python
The woman was handling the snake when it bit her on the thumb and proceeded to constrict her hands togetherReuters

A woman hailing from Sunshine Coast, Australia, was saved from the clutches of her pet python after her housemate made a frantic call to a snake catcher. The woman who wishes not to be named was handling her pet black-headed python when the snake bit her on the thumb and constricted her hands together. Alerted by her screams, her housemate tried to uncoil the snake but failed. He then called up Stuart Mckenzie, a 24-hour snake catcher.

"So I received a call at 3 this morning from a guy who woke up due to the screams of his roommate who had been bitten by her pet black-headed python," McKenzie posted on Facebook. "After the snake had stopped biting her, it continued to constrict her hands together."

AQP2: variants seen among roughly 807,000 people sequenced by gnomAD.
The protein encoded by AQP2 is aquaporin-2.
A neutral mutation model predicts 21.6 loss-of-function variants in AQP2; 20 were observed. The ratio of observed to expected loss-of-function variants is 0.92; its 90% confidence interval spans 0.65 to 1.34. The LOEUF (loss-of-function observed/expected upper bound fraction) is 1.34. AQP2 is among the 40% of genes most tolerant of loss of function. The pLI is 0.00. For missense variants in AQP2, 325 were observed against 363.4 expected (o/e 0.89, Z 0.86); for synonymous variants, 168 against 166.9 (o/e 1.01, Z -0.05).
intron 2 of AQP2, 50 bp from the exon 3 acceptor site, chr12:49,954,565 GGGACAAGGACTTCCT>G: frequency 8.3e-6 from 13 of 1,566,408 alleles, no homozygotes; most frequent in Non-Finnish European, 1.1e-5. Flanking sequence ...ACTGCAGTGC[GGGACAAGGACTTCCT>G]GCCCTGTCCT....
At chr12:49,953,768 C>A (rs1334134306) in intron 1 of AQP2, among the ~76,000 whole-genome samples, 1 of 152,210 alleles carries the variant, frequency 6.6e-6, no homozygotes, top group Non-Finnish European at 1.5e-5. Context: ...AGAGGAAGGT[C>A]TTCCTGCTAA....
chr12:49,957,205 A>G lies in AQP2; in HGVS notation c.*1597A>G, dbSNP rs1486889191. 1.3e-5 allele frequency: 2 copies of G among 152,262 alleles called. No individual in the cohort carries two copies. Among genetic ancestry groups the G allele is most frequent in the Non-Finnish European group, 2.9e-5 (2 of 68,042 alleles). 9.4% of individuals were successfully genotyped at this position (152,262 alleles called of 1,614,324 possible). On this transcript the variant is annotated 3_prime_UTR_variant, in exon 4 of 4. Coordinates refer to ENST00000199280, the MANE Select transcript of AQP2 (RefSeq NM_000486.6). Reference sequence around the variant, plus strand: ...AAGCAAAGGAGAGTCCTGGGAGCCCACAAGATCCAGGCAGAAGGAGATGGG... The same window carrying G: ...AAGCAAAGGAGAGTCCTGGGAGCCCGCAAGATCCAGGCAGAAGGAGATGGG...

McKenzie said he realised the gravity of the situation once her housemate sent him a photo of the snake and started instructing him over the phone on how to remove it.

"The guy was very relaxed and kept her calm while he tried to uncoil the snake, but with no luck," he said. "I then told him that he would have to head-grab the python in order to be a bit more forceful with uncoiling it.

"After about 20 mins on the phone they were finally able to get the snake off her hands safely and back into the enclosure. Thank goodness for that. At one stage I thought I was going to have to get in my car and drive over and give them a hand."

McKenzie said it was the first time he had ever helped someone over the phone. He said it was normal for a python to wrap around something that it bites.

"Most of the time they just bite and let go as a defensive thing but sometimes they will bite and hold on, that's when they coil up," he told ABC.

He said black-headed pythons are normally found in North Queensland, not on the Sunshine Coast.